Glucosamine-induced inhibition of N-glycosylation of gp130 represses the IL6/JAK/STAT3 signaling in DU145 cells

To determine whether the deficiency in N-glycosylation has any effects on the activity of the gp130-associated IL-6/JAK/STAT3 signaling [9], we carried out the following investigations. First, we studied IL-6 binding to DU145 cells in the presence and absence of glucosamine. Cells were pre-treated with glucosamine (2 mM for 24 h) and IL-6 binding to the cells were analyzed. The flow cytometry binding assays revealed that the preincubation of DU145 cells with glucosamine considerably shifted the intensity of IL-6 fluorescence to a lower side indicating less binding of IL-6 to cells as compared to the untreated control (Figure 3A). Next, we analyzed the tyrosine phosphorylation of the down-stream signaling molecules of IL-6 receptor including JAK2, STAT3 and SHP2. DU145 cells secrete IL-6, which stimulates the phosphorylation of these molecules via an autocrine fashion [8]. As shown in Figure 3B, basal levels of the phosphorylated JAK2 (Tyr1007/1008, p-JAK2), STAT3 (Tyr705, p-STAT3) and SHP2 (Tyr542, p-SHP2) were detected (lane 1), and exogenous IL-6 (2 ng/ml, 15 min) further increased the tyrosine phosphorylation of these signaling proteins (lane 2). Glucosamine treatment decreased the levels of both the basal (lane 1 vs. 3) and IL-6-induced (lane 2 vs. 4) tyrosine phosphorylation of JAK2, STAT3 and SHP2. These results demonstrated that glucosamine prevented IL-6 from binding to cells and suppressed the multiple steps of the IL-6/JAK/STAT3 signaling pathway. To confirm further that the inhibition of N-glycosylation could be responsible for the decrease of IL-6 binding to cells and the impairing of the IL-6/JAK/STAT3 signaling, DU145 cells were treated with tunicamycin in a similar way to glucosamine. The results showed that tunicamycin reduced IL-6 binding to cells (Figure 3C) and impaired both the basal and IL-6-induced tyrosine phosphorylation of JAK2, STAT3 and SHP2 (Figure 3D, lane 3 and 4). We concluded that the glucosamine-induced inhibition of gp130 N-glycosylation reduced IL-6 binding to cells to suppress the IL-6/JAK/STAT3 signaling pathway.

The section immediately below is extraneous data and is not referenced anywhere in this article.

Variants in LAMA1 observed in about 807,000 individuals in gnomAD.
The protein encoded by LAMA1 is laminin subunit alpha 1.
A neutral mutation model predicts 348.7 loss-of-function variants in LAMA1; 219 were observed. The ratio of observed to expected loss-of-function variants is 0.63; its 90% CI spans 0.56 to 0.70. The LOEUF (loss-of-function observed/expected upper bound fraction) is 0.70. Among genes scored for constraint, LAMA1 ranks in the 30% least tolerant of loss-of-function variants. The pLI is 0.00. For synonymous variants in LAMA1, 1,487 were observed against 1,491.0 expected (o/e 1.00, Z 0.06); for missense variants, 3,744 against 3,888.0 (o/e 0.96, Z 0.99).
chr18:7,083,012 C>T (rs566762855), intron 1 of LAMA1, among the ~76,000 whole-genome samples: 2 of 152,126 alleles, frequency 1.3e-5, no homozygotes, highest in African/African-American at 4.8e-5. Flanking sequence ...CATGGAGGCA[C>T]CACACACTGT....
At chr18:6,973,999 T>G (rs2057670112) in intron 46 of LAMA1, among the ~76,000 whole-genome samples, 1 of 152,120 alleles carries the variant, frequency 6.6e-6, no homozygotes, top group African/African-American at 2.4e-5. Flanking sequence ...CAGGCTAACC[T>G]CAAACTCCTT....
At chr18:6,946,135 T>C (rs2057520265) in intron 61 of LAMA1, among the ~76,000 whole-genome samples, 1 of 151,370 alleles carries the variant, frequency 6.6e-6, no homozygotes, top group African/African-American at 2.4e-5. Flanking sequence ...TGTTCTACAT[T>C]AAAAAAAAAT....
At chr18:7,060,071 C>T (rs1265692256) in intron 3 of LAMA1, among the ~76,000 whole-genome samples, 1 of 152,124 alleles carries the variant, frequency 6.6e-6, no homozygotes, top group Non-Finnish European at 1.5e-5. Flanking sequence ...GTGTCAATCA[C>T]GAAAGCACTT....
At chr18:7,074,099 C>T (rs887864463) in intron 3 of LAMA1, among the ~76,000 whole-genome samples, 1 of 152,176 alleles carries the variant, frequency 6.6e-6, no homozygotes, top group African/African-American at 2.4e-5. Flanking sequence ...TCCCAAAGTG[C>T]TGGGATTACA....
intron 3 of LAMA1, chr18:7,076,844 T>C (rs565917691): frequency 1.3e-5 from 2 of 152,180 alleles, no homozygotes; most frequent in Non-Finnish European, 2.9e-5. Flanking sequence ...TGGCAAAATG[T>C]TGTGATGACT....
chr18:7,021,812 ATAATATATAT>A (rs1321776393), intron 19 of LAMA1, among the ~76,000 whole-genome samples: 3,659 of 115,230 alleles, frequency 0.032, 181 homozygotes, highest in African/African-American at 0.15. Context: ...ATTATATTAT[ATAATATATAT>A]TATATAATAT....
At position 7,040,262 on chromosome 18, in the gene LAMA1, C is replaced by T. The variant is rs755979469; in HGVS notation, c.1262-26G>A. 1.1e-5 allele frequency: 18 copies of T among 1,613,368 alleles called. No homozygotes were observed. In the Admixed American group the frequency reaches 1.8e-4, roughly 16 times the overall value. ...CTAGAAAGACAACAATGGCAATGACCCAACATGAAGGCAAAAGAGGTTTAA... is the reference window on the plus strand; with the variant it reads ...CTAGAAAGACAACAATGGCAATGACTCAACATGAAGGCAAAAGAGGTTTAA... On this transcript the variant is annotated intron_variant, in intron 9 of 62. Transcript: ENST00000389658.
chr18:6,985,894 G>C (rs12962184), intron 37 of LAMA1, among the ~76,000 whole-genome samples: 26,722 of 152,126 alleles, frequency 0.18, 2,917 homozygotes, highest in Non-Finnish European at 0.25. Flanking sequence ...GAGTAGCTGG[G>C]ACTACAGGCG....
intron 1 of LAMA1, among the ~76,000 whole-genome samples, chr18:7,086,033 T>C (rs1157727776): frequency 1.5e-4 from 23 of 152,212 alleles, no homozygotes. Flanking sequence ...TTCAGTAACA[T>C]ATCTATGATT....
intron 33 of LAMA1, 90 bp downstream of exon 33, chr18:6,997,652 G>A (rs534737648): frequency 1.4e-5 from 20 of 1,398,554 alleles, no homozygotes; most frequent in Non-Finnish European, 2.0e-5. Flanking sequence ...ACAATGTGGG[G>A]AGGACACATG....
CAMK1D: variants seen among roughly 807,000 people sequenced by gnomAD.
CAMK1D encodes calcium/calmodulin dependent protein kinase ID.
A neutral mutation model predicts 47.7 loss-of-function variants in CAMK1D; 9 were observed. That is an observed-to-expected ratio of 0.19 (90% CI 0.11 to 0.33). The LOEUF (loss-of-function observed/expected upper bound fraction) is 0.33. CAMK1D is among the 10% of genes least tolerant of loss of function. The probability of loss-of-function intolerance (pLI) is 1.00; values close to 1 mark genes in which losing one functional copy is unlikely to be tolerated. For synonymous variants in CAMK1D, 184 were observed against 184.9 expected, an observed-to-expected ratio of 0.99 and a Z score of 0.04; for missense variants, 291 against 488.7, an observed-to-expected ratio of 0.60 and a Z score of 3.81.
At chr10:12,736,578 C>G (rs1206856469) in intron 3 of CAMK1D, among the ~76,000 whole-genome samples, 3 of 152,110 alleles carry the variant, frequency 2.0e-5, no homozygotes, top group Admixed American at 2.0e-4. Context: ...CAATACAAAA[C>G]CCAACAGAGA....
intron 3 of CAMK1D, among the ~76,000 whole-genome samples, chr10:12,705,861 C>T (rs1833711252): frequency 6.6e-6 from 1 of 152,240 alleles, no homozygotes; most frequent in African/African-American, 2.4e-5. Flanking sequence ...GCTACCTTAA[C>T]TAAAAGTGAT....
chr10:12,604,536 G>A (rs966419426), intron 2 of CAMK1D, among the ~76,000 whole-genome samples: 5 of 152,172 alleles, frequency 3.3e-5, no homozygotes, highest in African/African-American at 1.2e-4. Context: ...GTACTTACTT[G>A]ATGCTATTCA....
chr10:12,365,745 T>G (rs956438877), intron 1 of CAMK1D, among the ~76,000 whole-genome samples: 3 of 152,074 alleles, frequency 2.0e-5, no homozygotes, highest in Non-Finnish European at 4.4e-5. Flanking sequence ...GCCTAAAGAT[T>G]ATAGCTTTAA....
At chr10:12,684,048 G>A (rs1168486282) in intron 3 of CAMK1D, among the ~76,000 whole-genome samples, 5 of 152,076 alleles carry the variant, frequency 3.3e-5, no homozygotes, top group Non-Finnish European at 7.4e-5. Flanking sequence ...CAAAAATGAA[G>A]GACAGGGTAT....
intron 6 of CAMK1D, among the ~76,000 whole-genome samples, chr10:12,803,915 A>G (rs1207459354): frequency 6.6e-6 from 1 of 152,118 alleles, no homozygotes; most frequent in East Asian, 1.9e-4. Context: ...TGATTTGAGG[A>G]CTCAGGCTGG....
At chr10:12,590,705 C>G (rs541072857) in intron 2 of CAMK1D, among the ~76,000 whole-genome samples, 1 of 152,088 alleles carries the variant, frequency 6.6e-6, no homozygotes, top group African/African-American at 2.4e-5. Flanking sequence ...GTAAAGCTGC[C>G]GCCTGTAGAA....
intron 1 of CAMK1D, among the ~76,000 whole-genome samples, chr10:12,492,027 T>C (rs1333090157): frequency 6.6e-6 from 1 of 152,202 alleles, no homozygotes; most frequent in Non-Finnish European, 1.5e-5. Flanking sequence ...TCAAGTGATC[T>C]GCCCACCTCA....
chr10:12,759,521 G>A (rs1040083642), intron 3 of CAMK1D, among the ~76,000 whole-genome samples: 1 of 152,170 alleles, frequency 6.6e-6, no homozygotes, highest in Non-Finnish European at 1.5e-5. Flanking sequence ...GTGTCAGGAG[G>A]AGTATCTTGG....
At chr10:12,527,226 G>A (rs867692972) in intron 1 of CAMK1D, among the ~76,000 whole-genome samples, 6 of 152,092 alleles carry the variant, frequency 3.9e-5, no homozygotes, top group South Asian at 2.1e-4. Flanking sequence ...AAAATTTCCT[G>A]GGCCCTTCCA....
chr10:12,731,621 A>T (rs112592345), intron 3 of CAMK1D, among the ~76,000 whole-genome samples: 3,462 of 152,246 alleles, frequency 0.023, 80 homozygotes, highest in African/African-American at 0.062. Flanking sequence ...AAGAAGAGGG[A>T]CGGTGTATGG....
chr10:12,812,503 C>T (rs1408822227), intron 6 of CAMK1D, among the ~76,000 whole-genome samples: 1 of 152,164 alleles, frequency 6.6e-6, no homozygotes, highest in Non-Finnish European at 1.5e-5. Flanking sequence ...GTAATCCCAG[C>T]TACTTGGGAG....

Figure 3